Review: The Apocalyptic Mannequin by Stephanie M. Wytovich

Cover of The Apocalyptic Mannequin by Stephanie WytovichThe Apocalyptic Mannequin by Stephanie Wytovich
Raw Dog Screaming Press (September 2019)

114 pages, $13.95 paperback; $4.99 e-book
Reviewed by Joshua Gage

The Apocalyptic Mannequin is a collection of poetry about the apocalypse, and those who survived. Wytovich attempts to tap into the emotions of survivors with her poetry, creating a cast of characters who explore their fears and pain; however, while there are some really inventive ideas and clever survivor stories in this collection, the majority of the poems ultimately fall short due to craft issues.

For example, the poem “Dead People Down Here” features a great character. The speaker of the poem is issuing a warning for the ambiguous “Down Here,” a place where survivors have come to settle, but most likely die. One can easily imagine a person like this in a post-apocalyptic waste, someone prophesying the true nature of the world and what really happens to survivors.

This is your last warning.

I’ve tried to help you, to let you know that
empty stomachs are more dangerous than
whatever is screaming outside in the dark,
that desperate parents will do anything
to feed their child, to provide warmth
regardless of what the blanket is made of.

If you keep walking, it’s your own fault.

This is a fairly typical example of Wytovich’s poetry. It’s establishing a situation and scenario in a post-apocalypse, but it’s not really offering anything poetic. The hallmarks of poetry—rich imagery, creative metaphors, lyrical rhythms, etc.—are all missing from these poems. One gets situations and characters, but not poetry, to the point that this book almost reads like a series of short monologues rather than poems.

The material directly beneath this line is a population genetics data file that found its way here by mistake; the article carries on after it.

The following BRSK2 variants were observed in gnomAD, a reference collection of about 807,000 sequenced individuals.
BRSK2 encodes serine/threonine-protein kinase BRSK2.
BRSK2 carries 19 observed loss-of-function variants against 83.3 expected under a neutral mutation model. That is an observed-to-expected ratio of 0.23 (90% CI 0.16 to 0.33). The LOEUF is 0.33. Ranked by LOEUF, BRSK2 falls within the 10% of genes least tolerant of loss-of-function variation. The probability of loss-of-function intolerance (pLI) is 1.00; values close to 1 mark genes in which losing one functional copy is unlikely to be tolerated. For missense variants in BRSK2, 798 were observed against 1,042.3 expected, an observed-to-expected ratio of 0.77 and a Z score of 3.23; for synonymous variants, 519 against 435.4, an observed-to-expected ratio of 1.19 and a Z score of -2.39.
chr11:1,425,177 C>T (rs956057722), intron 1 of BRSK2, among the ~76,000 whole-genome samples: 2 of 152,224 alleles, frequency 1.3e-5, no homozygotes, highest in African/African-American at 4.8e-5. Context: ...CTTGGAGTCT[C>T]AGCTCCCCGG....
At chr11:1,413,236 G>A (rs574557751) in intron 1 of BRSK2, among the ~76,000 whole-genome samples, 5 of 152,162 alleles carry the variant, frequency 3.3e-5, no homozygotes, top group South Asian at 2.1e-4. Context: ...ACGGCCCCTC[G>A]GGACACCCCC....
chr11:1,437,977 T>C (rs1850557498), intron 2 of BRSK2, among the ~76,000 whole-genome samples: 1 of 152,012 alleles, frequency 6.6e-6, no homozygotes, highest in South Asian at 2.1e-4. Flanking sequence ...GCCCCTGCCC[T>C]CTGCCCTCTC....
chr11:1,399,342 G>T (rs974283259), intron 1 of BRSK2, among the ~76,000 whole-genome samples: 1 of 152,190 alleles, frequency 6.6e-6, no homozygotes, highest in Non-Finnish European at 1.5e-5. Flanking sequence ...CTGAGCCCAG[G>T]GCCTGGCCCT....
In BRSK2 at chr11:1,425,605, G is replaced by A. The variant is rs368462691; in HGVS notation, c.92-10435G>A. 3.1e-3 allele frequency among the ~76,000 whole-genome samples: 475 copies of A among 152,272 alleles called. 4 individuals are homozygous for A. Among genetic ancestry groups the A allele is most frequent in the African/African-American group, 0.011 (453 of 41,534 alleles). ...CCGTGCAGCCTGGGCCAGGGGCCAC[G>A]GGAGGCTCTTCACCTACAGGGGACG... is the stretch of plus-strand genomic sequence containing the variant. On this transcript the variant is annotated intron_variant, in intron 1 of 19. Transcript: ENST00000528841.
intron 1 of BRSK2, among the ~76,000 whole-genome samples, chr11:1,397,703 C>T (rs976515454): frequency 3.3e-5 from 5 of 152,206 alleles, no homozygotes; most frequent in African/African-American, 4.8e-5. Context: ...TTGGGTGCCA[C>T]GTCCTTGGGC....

To be fair, there are some occasions where Wytovich shows skill as a poet. For example, “A Collection of Pomegranate Seeds” begins

An assortment of bones rests in my front yard
I can’t remember the last time I watered the flowers,
they wilted, starved in a vase on the kitchen table,
their colors drained in pools of pink and white
on the linoleum floor.

Here we’re offered, at least for four lines, an underlying rhythm to propel the poem forward. We’re also provided with clear visual imagery that can anchor the reader in the poem. The lines are a bit cluttered, certainly, but there’s enough here for a reader to grasp onto. This tends not to be the case for the majority of Wytovich’s poems in this collection, however. 

Overall, if readers come to The Apocalyptic Mannequin looking for poetry, they’re going to be more disappointed than not. There are a few pieces in this collection that stand out as poems, but not many. However, if readers come to the collection as fans of horror, specifically post-apocalyptic horror, and read this collection as a series of characters detailing the survivor tales of a nightmare world, they’ll probably enjoy it. 

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